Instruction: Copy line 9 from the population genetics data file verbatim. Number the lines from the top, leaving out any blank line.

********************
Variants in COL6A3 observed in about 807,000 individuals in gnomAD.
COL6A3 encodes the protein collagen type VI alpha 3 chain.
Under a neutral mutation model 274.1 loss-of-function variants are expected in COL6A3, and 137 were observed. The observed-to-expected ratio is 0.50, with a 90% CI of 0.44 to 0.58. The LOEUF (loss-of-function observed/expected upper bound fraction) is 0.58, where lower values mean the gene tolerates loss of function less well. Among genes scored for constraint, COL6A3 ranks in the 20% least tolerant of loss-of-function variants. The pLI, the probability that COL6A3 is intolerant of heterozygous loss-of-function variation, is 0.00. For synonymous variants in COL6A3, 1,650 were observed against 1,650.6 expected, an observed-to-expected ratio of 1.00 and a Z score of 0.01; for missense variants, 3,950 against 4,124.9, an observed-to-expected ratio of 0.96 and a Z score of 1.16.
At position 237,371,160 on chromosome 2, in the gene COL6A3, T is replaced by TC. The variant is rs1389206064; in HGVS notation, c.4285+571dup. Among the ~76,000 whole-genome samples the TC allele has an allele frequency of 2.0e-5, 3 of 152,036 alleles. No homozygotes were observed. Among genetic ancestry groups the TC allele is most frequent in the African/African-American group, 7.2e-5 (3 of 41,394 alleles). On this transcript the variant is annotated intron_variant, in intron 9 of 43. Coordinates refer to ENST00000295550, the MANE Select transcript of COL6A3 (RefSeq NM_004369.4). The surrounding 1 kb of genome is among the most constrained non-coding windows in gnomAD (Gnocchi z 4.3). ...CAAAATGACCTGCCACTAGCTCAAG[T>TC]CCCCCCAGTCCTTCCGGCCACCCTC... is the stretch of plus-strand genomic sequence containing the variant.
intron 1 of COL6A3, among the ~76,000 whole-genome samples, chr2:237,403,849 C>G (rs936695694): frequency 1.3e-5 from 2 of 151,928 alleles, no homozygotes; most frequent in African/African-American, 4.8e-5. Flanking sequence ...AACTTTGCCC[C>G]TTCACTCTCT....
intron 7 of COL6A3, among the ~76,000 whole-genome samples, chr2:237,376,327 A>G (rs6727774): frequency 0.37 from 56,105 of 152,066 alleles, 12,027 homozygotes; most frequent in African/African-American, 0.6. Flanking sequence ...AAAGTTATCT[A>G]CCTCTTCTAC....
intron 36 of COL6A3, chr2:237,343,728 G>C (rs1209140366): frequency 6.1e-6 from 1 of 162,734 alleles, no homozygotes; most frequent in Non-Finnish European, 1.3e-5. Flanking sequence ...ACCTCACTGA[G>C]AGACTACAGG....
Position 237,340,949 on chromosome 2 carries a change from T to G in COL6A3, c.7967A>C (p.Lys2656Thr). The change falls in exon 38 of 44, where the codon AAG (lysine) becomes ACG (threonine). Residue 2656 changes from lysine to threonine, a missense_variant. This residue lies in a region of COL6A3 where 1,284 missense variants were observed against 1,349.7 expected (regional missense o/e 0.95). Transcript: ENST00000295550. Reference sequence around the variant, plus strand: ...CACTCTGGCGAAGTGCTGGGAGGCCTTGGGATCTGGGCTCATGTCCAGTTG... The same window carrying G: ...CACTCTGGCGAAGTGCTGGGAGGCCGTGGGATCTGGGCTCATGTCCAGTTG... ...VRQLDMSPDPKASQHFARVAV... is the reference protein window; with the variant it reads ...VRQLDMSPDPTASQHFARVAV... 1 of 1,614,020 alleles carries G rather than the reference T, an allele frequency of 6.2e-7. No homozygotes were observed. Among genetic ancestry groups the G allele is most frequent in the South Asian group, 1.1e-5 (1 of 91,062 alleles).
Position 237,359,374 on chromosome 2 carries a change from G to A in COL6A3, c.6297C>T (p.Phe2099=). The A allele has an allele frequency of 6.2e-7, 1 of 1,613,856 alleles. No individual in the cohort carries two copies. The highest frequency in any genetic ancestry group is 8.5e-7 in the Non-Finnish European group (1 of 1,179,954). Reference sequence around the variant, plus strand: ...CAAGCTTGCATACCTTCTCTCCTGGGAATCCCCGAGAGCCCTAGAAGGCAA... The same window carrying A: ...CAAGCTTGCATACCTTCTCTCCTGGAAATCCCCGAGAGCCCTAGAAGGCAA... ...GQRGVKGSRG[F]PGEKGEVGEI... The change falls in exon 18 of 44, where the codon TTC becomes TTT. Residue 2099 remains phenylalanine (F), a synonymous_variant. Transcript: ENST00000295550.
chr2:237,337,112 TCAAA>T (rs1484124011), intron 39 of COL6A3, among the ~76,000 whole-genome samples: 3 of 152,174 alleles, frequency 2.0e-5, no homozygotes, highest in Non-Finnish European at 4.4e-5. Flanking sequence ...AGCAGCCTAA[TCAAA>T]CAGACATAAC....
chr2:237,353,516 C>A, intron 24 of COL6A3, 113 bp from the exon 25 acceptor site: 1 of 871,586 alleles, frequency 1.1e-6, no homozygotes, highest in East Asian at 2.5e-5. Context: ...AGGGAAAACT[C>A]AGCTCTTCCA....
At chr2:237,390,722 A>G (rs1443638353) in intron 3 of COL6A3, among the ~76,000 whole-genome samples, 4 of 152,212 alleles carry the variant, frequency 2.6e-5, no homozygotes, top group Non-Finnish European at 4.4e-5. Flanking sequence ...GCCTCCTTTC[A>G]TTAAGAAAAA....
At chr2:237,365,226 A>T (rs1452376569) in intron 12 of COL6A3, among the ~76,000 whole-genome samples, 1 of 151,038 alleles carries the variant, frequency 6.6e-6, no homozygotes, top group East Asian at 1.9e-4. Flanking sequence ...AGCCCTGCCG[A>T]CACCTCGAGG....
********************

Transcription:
Position 237,359,374 on chromosome 2 carries a change from G to A in COL6A3, c.6297C>T (p.Phe2099=). The A allele has an allele frequency of 6.2e-7, 1 of 1,613,856 alleles. No individual in the cohort carries two copies. The highest frequency in any genetic ancestry group is 8.5e-7 in the Non-Finnish European group (1 of 1,179,954). Reference sequence around the variant, plus strand: ...CAAGCTTGCATACCTTCTCTCCTGGGAATCCCCGAGAGCCCTAGAAGGCAA... The same window carrying A: ...CAAGCTTGCATACCTTCTCTCCTGGAAATCCCCGAGAGCCCTAGAAGGCAA... ...GQRGVKGSRG[F]PGEKGEVGEI... The change falls in exon 18 of 44, where the codon TTC becomes TTT. Residue 2099 remains phenylalanine (F), a synonymous_variant. Transcript: ENST00000295550.